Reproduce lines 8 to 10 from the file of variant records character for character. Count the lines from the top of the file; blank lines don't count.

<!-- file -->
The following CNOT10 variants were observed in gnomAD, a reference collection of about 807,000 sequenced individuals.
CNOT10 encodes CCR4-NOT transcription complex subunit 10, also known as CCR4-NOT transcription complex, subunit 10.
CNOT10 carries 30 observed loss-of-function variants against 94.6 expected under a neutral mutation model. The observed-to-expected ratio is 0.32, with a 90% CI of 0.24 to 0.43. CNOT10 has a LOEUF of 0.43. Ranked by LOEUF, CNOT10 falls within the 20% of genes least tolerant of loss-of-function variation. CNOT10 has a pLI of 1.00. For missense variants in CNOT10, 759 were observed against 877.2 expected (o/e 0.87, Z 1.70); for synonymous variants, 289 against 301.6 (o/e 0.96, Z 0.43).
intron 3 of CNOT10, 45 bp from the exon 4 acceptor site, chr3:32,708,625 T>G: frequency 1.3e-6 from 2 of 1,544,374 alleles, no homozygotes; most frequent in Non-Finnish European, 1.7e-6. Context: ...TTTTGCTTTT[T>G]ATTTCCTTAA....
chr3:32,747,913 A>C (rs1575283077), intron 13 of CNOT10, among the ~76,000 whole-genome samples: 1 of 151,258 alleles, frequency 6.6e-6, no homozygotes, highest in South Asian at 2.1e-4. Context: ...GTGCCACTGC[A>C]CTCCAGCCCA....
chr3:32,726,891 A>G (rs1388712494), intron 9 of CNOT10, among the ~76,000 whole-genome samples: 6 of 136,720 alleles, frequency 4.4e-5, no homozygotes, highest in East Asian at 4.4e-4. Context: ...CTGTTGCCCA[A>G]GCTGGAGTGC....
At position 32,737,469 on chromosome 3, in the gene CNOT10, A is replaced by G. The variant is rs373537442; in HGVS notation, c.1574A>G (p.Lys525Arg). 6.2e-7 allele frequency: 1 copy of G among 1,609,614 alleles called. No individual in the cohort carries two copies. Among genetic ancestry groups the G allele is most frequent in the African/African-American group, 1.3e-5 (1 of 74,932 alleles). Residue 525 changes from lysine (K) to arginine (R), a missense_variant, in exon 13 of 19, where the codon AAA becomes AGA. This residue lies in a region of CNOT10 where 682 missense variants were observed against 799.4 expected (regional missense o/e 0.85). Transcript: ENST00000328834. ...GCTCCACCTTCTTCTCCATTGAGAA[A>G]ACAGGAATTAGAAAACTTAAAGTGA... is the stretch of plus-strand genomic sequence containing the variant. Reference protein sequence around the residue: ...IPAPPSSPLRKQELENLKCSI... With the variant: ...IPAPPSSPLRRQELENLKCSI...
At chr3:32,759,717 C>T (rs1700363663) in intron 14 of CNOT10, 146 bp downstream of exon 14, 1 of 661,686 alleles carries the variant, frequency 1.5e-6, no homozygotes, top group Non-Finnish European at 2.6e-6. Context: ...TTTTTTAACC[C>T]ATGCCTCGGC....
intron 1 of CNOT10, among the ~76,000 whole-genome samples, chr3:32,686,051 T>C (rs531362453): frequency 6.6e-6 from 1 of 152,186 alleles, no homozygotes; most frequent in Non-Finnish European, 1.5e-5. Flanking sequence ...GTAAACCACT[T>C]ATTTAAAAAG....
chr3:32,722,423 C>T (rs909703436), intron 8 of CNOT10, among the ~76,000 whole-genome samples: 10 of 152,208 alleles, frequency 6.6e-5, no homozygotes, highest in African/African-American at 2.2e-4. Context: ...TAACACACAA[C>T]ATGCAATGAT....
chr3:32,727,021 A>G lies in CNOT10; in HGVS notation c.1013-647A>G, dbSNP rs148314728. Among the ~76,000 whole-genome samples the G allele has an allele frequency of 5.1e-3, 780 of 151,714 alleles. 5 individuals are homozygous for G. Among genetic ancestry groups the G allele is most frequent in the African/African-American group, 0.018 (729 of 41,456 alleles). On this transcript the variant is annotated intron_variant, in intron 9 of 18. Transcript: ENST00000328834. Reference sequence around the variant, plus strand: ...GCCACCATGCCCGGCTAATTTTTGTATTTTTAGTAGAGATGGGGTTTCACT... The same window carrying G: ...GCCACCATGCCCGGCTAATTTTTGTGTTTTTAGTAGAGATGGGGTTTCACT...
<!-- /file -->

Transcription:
At chr3:32,759,717 C>T (rs1700363663) in intron 14 of CNOT10, 146 bp downstream of exon 14, 1 of 661,686 alleles carries the variant, frequency 1.5e-6, no homozygotes, top group Non-Finnish European at 2.6e-6. Context: ...TTTTTTAACC[C>T]ATGCCTCGGC....
intron 1 of CNOT10, among the ~76,000 whole-genome samples, chr3:32,686,051 T>C (rs531362453): frequency 6.6e-6 from 1 of 152,186 alleles, no homozygotes; most frequent in Non-Finnish European, 1.5e-5. Flanking sequence ...GTAAACCACT[T>C]ATTTAAAAAG....
chr3:32,722,423 C>T (rs909703436), intron 8 of CNOT10, among the ~76,000 whole-genome samples: 10 of 152,208 alleles, frequency 6.6e-5, no homozygotes, highest in African/African-American at 2.2e-4. Context: ...TAACACACAA[C>T]ATGCAATGAT....